The markings on this particular bronze cannon are very diagnostic. The cypher encountered on this gun consisting of the letters HD or HC or even HH, as it can be read either way, has been interpreted as standing for Henri II (1547-1559) and his mistress Diane de Poitiers, or for Henri II and his Queen Catherine of Medici. Support for the first theory has been suggested by the presence of the two bows with the crescent moon in between (also present on this particular bronze cannon), both emblems of the goddess Diana the Huntress. The crescent moon, together with the motto Donec Totum Impleat Orbem (until it fills the whole world), is said by the contemporary writer Paolo Giovio (Dialogo dell’Imprese Militari et Amorose, Lyon, 1559, p. 25) to have been adopted by the King when he became Dauphin in 1536, and both crescent and monogram appear on the bindings of the King’s own books (The Armouries of the Tower of London: The Ordnance, 1976:114-115).

The letter “B” is most interesting because it has been attributed to a yet-to-be identified gun founder who worked for both François I of France (1515-1547) and Henri II (1547-1559). The size of the cannon and the size of the bore dictate a Petite Coulevrine, typical of the period. In those days calibers had not been standardized, so you had “calibers of France” and “petits calibres.” Later on in the 16th-century larger caliber pieces would qualify as “cannons” (Sylvie Leluc, July 2016: personal communication). It should be noted that a “petite coulevrine” is listed as part of La Trinité’s bronze armament in the commissioning papers of that ship (BnF, français 21544: folio 36 recto).

The goals of the Center for Historical Archaeology is (1) to conduct additional research in the Bibliothèque nationale de France (BnF) in Paris to search for additional archival material related to the French expeditions of 1562, 1564, and 1565, focusing primarily on the 1565 expedition, the loss of the Jean Ribault fleet, and the subsequent effect of this loss as well as the loss of the French settlement at Ft. Caroline. Additional research in the Archivo General de Indias (AGI) in Seville, Spain, and the Archivo General de Simancas, near Valladolid, Spain, will also be conducted. In the AGS the research will be focused on the section Consejo de Estado (1404-1832) which contains original correspondence of various Spanish ambassadors to various European courts, in this particular case correspondence from Francés de Alava y Beamonte, Spanish ambassador to the French court (1564-1570).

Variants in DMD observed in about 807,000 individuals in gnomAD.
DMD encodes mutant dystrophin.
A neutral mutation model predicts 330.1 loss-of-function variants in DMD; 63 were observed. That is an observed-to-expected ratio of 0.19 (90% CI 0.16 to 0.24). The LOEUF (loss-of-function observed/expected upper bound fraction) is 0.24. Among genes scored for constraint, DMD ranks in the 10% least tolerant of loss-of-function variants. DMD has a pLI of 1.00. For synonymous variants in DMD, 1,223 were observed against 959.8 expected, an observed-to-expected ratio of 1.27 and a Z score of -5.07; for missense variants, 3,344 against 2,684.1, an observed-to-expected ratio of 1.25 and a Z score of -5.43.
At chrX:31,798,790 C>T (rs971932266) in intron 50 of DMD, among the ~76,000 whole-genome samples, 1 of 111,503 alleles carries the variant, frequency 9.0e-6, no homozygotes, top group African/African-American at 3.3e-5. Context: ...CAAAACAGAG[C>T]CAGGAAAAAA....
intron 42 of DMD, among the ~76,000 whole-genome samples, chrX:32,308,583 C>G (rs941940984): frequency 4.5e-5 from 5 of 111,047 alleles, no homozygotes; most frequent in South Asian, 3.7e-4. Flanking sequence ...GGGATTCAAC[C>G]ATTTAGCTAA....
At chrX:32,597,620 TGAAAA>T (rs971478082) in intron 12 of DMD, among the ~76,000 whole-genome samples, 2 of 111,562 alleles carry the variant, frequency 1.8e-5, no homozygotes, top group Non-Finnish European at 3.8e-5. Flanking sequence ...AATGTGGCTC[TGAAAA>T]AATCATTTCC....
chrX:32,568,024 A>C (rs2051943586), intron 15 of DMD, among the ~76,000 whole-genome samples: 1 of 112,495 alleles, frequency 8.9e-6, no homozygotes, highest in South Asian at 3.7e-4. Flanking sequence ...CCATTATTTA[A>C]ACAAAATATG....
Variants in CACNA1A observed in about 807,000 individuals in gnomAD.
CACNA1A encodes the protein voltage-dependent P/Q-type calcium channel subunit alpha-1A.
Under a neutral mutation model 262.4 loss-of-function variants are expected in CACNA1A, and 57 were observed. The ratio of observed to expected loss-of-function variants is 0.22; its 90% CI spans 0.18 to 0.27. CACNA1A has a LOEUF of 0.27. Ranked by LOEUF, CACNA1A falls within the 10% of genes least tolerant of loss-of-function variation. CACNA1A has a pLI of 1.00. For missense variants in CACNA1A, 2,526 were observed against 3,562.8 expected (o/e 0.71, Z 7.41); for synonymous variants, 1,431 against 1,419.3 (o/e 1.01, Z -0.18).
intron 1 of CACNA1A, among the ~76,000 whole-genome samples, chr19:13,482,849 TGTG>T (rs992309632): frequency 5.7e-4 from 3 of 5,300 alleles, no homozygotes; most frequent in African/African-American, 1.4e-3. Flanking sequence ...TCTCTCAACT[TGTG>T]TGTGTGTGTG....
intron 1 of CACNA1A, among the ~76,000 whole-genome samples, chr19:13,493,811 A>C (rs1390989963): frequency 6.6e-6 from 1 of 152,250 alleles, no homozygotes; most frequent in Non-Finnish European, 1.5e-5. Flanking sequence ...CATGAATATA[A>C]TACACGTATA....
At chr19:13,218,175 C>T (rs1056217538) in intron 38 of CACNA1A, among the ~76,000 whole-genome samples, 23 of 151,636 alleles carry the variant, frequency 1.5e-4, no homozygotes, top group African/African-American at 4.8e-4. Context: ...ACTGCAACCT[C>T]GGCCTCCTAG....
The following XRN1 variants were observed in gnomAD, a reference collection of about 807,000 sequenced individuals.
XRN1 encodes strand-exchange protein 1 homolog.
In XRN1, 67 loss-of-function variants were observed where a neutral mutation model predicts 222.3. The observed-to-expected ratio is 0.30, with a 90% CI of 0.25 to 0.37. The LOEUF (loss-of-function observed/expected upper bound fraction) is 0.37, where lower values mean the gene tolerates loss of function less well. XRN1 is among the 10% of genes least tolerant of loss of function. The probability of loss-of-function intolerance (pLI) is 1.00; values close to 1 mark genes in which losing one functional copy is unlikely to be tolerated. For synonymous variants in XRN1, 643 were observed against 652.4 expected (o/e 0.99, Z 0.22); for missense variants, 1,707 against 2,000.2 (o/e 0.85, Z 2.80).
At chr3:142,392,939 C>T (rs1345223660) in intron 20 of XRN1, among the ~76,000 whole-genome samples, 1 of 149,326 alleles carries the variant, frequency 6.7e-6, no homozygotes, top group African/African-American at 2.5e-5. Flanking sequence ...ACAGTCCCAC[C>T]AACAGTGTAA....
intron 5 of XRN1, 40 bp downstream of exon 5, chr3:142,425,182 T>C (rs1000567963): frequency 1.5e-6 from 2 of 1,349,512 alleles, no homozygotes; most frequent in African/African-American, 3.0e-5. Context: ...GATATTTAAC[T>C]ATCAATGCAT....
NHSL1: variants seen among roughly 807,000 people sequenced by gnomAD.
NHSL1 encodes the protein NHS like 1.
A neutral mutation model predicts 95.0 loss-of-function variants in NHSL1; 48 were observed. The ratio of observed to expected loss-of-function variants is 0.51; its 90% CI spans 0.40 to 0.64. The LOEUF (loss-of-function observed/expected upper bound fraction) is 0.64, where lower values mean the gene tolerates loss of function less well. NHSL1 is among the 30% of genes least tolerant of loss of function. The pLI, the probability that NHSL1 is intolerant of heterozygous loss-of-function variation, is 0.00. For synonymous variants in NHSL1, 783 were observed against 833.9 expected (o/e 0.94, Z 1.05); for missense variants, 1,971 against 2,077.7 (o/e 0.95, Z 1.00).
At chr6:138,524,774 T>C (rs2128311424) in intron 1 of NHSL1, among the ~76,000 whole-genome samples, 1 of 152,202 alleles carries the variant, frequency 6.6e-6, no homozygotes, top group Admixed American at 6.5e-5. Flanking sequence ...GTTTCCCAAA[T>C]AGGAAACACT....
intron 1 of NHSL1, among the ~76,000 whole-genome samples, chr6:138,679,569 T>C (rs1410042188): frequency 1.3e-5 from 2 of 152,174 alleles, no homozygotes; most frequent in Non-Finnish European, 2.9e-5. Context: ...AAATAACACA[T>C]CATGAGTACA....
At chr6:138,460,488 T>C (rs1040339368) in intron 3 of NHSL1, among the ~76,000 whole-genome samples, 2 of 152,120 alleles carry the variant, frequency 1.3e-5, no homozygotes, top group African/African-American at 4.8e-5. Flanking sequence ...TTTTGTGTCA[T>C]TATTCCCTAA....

It is noteworthy that although the three expeditions were royal expeditions financed by the French crown under Charles IX, the vast majority of the people making up these expeditions were Huguenots, including the soldiers, artisans and their families. The Grand Admiral of France, Gaspard de Coligny, was also the leader of the French Protestants and as such had wanted to find a safe haven for his followers, something he had already attempted in 1555 when he had sent an expedition to Brazil in an effort to colonize it for France, and at the same time finding a place where Protestants could practice their faith without being persecuted (France Antartique, Rio de Janeiro, 155-1557. See André Thevet’s Singularités de la France antartique, 1558). Additional archival research will reveal a lot of information on the context of the 1565 voyage to Florida and the people who made up the expedition. That will also be the case when excavation of the site starts in 2017 as the material culture excavated will include personal objects that will shed light on the life and hopes of those seeking a religious refuge in this New World.

Funding is now needed to pursue those objectives and achieve the goals mentioned above. Funding will be required for salaries, research trips to France and Spain, photocopies and digital images of original manuscript documents, transcription, translation, and interpretation of French and Spanish documents, as well as publishing of research reports. It should be pointed out that the Center for Historical Archaeology is a completely nonprofit organization according to the meanings of sections 501(c)(3) and 170(b)(A)(vi) of the United States Internal Revenue Code, and that gifts and contributions qualify for tax exemption in the United States. The purpose of the Center is scientific research and education. All information is freely shared and disseminated to other institutions and centers of higher learning, and made available to the public educational system in general.